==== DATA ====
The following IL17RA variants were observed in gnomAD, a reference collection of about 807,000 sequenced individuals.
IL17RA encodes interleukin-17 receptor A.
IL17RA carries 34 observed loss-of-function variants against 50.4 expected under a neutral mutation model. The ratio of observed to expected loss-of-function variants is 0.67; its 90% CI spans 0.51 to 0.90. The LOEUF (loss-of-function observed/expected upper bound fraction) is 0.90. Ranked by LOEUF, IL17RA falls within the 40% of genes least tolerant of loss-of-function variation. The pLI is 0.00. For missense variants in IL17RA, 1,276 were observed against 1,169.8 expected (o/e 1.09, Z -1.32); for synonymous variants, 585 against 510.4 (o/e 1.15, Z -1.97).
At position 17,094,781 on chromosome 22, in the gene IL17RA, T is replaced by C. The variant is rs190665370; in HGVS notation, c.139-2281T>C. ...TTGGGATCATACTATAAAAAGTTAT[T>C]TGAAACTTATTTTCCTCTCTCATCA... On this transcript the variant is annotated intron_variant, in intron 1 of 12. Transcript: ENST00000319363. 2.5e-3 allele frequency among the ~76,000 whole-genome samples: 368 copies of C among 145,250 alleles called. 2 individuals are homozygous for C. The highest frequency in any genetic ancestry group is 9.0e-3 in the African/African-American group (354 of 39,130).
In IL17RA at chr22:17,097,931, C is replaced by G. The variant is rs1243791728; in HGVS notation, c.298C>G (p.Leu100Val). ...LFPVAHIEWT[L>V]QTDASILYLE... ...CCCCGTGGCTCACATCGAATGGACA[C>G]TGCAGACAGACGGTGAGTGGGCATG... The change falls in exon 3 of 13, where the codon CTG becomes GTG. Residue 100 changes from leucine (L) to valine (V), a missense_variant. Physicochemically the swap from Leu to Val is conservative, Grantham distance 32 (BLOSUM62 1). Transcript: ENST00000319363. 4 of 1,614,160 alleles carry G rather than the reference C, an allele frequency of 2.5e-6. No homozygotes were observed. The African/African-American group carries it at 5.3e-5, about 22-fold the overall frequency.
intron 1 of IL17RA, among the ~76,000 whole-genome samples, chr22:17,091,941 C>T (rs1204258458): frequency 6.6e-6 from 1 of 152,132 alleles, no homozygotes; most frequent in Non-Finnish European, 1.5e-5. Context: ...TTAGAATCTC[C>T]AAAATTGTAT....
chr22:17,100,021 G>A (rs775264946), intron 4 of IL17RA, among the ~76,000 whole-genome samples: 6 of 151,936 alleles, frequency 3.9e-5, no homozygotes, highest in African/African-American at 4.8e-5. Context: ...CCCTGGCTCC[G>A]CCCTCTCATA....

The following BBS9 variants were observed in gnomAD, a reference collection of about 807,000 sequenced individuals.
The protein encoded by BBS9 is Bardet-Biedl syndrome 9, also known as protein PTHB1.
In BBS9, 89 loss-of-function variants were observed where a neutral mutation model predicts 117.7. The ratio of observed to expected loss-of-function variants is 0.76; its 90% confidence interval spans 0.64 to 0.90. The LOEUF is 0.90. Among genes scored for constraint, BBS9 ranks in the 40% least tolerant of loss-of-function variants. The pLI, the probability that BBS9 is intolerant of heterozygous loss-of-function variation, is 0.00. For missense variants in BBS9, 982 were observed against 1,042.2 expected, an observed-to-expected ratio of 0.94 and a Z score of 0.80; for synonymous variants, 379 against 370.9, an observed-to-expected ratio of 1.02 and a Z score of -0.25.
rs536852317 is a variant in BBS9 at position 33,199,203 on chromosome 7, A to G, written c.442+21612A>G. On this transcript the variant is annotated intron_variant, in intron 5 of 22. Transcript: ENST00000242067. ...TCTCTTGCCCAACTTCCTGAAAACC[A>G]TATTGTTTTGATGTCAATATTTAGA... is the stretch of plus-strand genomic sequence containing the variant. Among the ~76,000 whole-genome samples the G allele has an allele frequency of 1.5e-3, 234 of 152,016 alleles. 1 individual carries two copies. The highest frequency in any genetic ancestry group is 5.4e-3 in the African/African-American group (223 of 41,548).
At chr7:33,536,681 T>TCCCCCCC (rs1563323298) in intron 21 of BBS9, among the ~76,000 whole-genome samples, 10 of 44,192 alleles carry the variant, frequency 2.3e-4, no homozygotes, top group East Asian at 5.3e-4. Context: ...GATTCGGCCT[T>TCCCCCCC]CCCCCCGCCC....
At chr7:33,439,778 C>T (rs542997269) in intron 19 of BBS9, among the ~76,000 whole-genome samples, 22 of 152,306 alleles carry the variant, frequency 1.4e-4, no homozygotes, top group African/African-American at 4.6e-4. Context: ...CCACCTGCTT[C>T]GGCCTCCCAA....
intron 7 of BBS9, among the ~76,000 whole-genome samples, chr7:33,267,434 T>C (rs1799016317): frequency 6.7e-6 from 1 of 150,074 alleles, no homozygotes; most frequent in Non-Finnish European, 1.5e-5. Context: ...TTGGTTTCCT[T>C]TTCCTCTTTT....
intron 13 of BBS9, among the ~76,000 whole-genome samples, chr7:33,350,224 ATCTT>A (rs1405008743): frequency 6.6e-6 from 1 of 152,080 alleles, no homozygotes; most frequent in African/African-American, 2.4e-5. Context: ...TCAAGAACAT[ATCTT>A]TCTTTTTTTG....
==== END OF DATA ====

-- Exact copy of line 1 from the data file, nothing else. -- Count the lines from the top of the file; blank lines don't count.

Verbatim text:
The following IL17RA variants were observed in gnomAD, a reference collection of about 807,000 sequenced individuals.